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  • 1. Big experiences for small people   Sabina Idler Founder of UXkids Child-Centered Design is a mindset. Not rocket science.
  • 2. 2013  UXkids  |  @SabinaIdler   2  
  • 3. 2013  UXkids  |  @SabinaIdler   3  
  • 4. “User-centred design is an approach to interactive system development that focuses specifically on making systems usable.” ISO 13407 (1999) 2013  UXkids  |  @SabinaIdler   4  
  • 5. “Usability is the extent to which a product can be used by specified users to achieve specified goals with effectiveness, efficiency and satisfaction in a specified context of use.” ISO 9241-11 (1998) 2013  UXkids  |  @SabinaIdler   5  
  • 6. Users = kids 2013  UXkids  |  @SabinaIdler   6  
  • 7. Kids and media •  User-Centered Design –  Times have changed. –  Kids use media, too – Stats –  Kids use media in school and for learning –  Het onderzoek ‘Iene Miene Media’ werd uitgevoerd door Stichting Mijn Kind Online, in opdracht van Mediawijzer.net. Available  media  in  Dutch  households  with  kids  between    0  –  7  years  (Iene  Miene  Media  report  -­‐  2013).   7  
  • 8. Kids and media •  User-Centered Design –  Times have changed. –  Kids use media, too – Stats –  Kids use media in school and for learning –  Het onderzoek ‘Iene Miene Media’ werd uitgevoerd door Stichting Mijn Kind Online, in opdracht van Mediawijzer.net. Average  age  when  Dutch  kids  get  introduced  to  different  media  (Iene  Miene  Media  report  -­‐  2013).   8  
  • 9. “Usability and User Experience Research serve as the gateway to high-quality content.” Jakob Nielsen 2013  UXkids  |  @SabinaIdler   9  
  • 10. 2013  UXkids  |  @SabinaIdler   10  
  • 11. 1. Physical development 11  
  • 12. 2. Cognitive development 12  
  • 13. 3. Social development 13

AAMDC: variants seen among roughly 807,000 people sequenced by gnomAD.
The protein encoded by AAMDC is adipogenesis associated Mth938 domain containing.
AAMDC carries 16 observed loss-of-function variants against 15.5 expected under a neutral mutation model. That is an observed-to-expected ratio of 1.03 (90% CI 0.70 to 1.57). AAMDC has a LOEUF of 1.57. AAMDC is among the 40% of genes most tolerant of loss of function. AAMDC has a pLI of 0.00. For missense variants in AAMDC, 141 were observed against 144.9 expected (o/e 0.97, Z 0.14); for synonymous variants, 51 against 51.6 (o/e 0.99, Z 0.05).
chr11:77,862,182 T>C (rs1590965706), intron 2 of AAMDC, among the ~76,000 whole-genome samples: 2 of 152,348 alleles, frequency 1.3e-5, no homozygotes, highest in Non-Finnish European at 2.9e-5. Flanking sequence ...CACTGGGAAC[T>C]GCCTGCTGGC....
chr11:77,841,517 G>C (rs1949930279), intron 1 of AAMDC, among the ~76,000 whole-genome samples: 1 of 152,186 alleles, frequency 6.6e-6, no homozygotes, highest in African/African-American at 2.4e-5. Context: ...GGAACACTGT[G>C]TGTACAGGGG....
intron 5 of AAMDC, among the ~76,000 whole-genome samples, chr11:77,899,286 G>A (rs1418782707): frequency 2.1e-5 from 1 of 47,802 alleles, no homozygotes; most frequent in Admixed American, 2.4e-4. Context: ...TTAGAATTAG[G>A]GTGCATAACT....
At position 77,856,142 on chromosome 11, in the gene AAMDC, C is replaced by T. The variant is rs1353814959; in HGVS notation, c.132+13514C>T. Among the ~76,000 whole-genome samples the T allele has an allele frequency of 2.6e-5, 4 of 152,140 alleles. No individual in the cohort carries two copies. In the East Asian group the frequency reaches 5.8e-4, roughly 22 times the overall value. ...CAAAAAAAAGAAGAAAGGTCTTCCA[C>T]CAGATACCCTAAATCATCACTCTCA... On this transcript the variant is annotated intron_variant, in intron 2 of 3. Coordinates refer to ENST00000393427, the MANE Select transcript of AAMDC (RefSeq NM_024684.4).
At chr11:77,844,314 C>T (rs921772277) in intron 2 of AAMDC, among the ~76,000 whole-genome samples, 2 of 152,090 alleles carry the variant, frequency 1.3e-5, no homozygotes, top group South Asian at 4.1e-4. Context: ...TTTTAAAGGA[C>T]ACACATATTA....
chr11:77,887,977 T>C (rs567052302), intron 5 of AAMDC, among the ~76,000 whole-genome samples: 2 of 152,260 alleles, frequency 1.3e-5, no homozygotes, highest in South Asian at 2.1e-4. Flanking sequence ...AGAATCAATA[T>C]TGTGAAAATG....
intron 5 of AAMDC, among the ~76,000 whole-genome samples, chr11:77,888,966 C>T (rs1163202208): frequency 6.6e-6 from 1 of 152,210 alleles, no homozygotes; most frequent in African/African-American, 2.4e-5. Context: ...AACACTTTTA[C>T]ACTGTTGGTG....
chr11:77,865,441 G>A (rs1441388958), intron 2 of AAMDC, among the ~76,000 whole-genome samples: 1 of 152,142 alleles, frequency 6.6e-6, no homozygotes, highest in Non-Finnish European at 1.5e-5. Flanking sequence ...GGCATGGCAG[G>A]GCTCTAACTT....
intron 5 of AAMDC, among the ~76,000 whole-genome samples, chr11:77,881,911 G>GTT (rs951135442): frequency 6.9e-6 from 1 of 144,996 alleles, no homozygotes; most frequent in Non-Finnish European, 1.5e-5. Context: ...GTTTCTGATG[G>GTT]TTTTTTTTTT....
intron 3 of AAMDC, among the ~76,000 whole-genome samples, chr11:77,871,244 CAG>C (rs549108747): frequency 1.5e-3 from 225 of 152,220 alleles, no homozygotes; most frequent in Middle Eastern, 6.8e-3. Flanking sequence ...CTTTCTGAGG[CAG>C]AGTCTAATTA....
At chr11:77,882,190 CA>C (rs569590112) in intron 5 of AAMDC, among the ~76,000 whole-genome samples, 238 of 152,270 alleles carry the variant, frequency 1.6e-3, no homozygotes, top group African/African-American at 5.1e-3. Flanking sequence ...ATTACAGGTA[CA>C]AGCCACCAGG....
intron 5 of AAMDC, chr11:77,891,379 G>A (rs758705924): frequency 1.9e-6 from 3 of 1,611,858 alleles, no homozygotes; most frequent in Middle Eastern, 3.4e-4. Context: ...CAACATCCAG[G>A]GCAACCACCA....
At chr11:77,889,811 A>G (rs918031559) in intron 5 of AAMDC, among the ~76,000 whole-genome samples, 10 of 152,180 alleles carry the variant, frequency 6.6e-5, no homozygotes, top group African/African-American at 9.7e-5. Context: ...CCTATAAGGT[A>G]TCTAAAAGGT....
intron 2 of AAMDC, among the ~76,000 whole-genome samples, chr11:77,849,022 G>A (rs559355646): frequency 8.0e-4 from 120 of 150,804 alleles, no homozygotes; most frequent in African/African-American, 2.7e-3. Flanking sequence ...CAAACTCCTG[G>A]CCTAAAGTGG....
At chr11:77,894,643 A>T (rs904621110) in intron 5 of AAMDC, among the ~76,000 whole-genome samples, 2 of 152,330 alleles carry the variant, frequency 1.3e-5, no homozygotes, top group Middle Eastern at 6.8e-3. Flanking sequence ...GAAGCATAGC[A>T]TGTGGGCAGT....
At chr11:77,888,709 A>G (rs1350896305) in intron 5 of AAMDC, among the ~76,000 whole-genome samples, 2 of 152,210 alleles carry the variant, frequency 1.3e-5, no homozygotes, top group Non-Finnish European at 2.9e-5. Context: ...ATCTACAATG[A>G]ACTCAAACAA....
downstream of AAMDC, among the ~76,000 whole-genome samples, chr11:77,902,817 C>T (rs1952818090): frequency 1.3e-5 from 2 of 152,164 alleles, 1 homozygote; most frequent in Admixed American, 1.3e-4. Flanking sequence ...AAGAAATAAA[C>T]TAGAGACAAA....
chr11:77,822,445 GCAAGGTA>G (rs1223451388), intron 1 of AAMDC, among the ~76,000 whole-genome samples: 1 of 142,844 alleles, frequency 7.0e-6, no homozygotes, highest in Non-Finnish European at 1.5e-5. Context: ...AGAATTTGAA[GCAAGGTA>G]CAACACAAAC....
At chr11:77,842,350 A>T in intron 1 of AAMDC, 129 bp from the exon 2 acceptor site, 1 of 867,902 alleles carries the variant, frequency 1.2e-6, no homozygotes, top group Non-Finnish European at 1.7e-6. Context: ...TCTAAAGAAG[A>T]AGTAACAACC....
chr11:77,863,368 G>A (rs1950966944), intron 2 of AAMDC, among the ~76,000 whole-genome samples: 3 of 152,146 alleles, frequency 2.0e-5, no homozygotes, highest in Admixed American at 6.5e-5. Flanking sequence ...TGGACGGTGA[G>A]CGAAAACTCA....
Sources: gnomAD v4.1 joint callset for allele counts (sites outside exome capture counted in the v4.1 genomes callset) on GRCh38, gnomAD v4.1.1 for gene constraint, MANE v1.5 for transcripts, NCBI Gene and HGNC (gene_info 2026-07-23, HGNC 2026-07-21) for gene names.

• 14. 4. Concentration span 14  
  • 15. 5. Kids are a very diverse user group 15  
  • 16. We need: Child-Centered Design 2013  UXkids  |  @SabinaIdler   16  
  • 17. http://youtu.be/mepQsch_ams What happens when kids test HEMA products 17  
  • 18. 2013  UXkids  |  @SabinaIdler   18  
  • 19. Piaget’s theory of cognitive growth 1.  Sensory-motor intelligence (0-2 years) 2.  Preconceptual thought (2-4 years) 3.  Intuitive thought (4-7 years) 4.  Concrete operations (8-11 years) 5.  Formal thought (11-15 years) 2013  UXkids  |  @SabinaIdler   19  
  • 20. The Question-Answer process 1.  Understanding the question 2.  Retrieving information from memory 3.  Formatting the answer 4.  Evaluating the answer 5.  Communicating the final answer 2013  UXkids  |  @SabinaIdler   20  
  • 21. 2013  UXkids  |  @SabinaIdler   21  
  • 22. 2013  UXkids  |  @SabinaIdler   22  
  • 23. Child-Centered Design is not Rocket science. 2013  UXkids  |  @SabinaIdler   23  
  • 24. Design guidelines for kids Questions? 2013  UXkids  |  @SabinaIdler   24  
  • 25. Design guidelines for kids Thank you! Big experiences for small people uxkids.com/ blog @SabinaIdler sabina@uxkids.com 2013  UXkids  |  @SabinaIdler   25